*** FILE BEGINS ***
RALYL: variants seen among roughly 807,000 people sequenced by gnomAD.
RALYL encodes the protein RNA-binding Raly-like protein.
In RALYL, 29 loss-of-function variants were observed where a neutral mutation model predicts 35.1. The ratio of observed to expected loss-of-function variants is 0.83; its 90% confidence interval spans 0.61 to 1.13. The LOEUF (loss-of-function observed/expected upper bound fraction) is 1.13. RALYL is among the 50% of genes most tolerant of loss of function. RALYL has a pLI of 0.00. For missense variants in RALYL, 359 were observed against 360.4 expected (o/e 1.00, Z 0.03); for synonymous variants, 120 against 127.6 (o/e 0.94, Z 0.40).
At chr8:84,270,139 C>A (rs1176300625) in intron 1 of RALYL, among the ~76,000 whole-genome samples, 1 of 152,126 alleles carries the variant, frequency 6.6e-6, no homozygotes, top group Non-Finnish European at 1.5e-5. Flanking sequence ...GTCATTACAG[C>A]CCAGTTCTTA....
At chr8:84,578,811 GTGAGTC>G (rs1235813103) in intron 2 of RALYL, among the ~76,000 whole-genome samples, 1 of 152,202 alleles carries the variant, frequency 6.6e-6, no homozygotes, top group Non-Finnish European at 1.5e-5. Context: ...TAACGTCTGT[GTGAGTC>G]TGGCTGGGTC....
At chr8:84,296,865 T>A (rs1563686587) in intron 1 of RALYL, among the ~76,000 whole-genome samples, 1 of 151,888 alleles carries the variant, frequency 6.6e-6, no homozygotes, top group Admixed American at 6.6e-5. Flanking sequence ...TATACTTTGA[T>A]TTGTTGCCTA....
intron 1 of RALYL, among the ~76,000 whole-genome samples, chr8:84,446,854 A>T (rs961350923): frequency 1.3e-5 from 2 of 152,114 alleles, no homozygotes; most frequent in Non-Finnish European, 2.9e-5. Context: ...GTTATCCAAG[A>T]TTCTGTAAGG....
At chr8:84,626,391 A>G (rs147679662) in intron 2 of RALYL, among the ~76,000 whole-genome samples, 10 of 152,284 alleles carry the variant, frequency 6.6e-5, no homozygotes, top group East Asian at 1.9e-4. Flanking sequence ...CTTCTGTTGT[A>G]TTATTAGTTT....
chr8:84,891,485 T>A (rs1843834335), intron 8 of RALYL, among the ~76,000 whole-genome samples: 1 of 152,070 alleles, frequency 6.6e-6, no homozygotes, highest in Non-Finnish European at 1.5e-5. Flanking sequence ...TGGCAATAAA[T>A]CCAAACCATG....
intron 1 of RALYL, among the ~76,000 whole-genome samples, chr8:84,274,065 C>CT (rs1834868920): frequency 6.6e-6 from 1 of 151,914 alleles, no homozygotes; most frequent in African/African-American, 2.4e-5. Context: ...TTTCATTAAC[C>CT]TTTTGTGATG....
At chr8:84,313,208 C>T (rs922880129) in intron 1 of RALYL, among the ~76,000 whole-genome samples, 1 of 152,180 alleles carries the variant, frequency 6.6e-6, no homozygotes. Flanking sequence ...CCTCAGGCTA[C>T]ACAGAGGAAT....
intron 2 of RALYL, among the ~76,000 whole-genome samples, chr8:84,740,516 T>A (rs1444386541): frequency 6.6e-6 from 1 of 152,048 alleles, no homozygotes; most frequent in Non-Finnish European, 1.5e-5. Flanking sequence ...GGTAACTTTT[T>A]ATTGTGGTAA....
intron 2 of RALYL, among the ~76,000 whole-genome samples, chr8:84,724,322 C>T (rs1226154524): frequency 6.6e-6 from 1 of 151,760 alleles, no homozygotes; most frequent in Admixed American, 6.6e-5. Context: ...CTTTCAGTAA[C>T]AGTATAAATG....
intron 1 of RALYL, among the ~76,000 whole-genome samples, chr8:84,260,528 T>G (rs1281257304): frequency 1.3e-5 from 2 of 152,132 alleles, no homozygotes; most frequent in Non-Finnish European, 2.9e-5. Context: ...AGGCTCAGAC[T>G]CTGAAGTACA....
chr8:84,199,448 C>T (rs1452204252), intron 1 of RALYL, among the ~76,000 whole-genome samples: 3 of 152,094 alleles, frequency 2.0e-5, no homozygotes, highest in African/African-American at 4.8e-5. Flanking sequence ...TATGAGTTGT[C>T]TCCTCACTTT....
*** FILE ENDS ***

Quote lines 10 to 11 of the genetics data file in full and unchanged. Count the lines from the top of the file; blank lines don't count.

intron 1 of RALYL, among the ~76,000 whole-genome samples, chr8:84,274,065 C>CT (rs1834868920): frequency 6.6e-6 from 1 of 151,914 alleles, no homozygotes; most frequent in African/African-American, 2.4e-5. Context: ...TTTCATTAAC[C>CT]TTTTGTGATG....
At chr8:84,313,208 C>T (rs922880129) in intron 1 of RALYL, among the ~76,000 whole-genome samples, 1 of 152,180 alleles carries the variant, frequency 6.6e-6, no homozygotes. Flanking sequence ...CCTCAGGCTA[C>T]ACAGAGGAAT....